Guest post by Rita Brogan, CEO of PRR
Whether you belong to the Urban Enterprise Center (UEC) or not, you benefit from its programs and vision. Established in 1993 as the multicultural business arm of the Greater Seattle Chamber of Commerce, its focus is to build and nurture cross-cultural economic relationships for the benefit of all.
At the UEC sustainability is considered as an ethical and systemic response to the type of fragmented thought in the “old” culture that traditionally allowed people to marginalize and abuse resources without considering impacts on the whole planet.
The UEC applies this holistic thinking to business and economic development with educational resources, job skills training, business literacy, multicultural marketing, cross-cultural business development, policy advocacy and personal development. “We can help folks to focus on specific job skills, training and knowledge for a career or to establish a green-oriented business,” says Dr. Skip Rowland, executive director.
Dr. Rowland explains, “The whole civil rights issue is about reducing the marginalization of people, because doing so damages our whole society. We need to also think about how marginalized thinking damages our air, water and land.”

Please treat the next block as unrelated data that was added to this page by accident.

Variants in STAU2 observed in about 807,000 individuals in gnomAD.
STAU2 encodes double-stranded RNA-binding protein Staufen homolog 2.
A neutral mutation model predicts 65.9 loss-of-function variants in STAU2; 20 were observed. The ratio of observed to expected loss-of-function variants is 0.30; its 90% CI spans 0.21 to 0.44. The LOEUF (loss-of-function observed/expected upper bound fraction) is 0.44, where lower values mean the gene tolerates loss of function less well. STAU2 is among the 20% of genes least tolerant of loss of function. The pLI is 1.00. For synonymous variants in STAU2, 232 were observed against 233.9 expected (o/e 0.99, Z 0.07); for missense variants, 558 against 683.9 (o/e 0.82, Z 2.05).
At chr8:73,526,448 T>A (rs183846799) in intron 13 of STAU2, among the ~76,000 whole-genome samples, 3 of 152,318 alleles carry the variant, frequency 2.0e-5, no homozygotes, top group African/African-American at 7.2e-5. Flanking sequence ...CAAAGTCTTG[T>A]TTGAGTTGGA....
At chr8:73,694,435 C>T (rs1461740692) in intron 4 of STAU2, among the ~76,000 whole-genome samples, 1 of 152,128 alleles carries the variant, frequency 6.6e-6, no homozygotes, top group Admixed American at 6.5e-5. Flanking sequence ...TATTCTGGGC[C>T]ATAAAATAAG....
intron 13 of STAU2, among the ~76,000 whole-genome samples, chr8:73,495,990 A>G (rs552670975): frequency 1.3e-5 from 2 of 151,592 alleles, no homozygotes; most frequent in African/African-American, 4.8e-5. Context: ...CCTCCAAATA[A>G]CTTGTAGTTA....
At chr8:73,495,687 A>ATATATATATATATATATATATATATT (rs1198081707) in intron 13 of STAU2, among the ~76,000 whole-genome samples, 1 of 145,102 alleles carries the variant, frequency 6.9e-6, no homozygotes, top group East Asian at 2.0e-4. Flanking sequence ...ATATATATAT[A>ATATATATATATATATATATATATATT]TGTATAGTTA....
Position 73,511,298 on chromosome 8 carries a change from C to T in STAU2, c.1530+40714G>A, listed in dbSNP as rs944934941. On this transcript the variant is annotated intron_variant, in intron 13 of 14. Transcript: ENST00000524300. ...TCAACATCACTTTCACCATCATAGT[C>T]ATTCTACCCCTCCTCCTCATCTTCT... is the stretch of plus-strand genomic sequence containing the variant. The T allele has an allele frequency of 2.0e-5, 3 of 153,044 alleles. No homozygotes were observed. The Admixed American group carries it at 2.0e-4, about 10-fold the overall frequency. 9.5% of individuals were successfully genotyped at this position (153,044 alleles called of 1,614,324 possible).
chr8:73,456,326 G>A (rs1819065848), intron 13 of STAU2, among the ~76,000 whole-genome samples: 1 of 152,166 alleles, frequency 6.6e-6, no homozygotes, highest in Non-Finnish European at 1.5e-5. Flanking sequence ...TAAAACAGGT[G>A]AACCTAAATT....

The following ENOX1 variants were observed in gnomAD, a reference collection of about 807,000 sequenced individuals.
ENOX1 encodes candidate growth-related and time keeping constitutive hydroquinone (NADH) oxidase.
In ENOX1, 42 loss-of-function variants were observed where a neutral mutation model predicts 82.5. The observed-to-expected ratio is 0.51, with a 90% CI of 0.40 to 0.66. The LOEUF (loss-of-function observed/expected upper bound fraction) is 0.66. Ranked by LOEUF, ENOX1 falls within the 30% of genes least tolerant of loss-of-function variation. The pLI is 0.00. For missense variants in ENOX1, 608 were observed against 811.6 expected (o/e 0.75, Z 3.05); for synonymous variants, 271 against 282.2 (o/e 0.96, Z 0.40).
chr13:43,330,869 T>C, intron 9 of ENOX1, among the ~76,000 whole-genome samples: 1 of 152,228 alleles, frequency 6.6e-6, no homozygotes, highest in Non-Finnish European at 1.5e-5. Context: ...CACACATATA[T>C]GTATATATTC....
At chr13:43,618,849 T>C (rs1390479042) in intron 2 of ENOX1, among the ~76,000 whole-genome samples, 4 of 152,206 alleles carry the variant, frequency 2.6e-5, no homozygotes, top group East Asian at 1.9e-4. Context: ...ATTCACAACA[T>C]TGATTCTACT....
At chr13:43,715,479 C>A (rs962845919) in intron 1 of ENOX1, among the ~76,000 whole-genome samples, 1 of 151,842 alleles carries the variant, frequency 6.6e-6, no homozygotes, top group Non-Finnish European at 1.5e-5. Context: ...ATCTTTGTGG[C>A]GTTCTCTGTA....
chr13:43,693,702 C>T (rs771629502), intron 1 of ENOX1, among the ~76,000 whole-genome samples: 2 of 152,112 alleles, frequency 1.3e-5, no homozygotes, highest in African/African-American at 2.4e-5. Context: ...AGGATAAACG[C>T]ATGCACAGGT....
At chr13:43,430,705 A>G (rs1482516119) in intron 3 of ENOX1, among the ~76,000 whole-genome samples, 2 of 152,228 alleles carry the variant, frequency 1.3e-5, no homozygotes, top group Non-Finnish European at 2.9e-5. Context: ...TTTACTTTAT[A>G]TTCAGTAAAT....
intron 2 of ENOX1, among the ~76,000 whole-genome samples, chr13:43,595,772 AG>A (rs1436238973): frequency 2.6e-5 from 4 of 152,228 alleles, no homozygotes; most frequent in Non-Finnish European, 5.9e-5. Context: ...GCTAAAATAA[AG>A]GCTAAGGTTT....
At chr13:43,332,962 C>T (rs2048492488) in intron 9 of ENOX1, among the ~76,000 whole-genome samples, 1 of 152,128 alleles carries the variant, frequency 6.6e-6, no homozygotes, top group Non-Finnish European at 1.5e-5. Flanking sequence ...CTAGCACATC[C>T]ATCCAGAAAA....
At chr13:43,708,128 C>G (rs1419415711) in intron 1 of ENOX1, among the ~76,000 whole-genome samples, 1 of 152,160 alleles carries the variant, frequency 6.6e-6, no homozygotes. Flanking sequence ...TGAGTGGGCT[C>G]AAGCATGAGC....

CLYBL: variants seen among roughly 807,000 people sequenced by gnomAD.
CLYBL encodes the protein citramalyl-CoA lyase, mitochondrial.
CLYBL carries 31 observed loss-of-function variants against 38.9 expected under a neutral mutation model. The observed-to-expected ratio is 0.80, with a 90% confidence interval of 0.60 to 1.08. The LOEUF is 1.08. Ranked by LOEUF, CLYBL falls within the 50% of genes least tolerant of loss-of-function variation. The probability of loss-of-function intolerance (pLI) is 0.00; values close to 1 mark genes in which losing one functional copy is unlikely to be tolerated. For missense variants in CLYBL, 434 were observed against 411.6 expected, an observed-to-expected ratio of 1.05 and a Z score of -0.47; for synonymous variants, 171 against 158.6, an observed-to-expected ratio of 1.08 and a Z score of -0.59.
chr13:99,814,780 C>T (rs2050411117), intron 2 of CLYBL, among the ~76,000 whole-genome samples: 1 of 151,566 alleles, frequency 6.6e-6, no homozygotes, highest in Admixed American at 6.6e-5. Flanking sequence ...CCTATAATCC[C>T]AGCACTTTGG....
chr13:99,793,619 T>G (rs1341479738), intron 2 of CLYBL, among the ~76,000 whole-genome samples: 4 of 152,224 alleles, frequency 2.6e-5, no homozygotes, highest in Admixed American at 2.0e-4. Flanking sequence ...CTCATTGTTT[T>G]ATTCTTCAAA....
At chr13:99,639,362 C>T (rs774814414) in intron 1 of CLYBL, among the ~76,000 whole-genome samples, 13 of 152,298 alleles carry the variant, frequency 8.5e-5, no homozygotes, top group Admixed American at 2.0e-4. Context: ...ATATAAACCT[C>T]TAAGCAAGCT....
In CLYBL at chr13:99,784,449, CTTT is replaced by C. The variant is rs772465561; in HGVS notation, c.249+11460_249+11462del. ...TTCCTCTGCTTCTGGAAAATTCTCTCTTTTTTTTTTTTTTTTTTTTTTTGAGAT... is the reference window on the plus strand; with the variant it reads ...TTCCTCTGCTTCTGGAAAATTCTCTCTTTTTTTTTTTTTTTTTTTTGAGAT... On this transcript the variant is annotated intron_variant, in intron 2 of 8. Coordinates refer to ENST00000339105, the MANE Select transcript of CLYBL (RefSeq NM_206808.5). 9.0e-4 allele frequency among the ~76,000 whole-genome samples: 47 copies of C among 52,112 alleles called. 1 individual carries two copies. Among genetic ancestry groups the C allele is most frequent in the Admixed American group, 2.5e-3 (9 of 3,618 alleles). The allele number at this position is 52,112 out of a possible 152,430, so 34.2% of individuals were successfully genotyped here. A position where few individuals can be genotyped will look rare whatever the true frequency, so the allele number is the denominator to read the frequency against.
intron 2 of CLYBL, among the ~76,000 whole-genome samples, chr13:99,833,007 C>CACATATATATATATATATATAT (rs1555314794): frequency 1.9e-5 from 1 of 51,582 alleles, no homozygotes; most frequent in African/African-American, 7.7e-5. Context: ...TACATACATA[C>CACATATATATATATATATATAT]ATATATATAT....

The UEC has formed strategic partnerships with scores of organizations that include Enterprise Seattle, Prosperity Partnership, and scores of multicultural organizations. UEC makes connections by raising awareness of minority-owned businesses and helping businesses expand their customer bases to multi-cultural markets. Currently, the UEC has about 12 committees of volunteers who focus on a range of issues relevant to communities and businesses of color.
“The act of being green reminds us of a way of thinking about how life on the planet is meant to be lived,” says Dr. Rowland. “Green is where the economy must go to sustain our planet.” For more information about the Urban Enterprise Center, call 206.389.7231.
Rita Brogan is the CEO of PRR, a public affairs and communications firm based in Seattle that is nationally recognized for its work in social marketing, public involvement, and community building. PRR is one of Washington’s 50 largest minority-owned businesses. Brogan was a recent recipient of the Foster School’s Business and Economic Development Center Asian/Pacific Islander Business Leadership Award. She writes the BEDC Brogan blog series twice a month, focusing on green economy issues with an emphasis on ways that businesses owned by people of color or women can create a competitive advantage.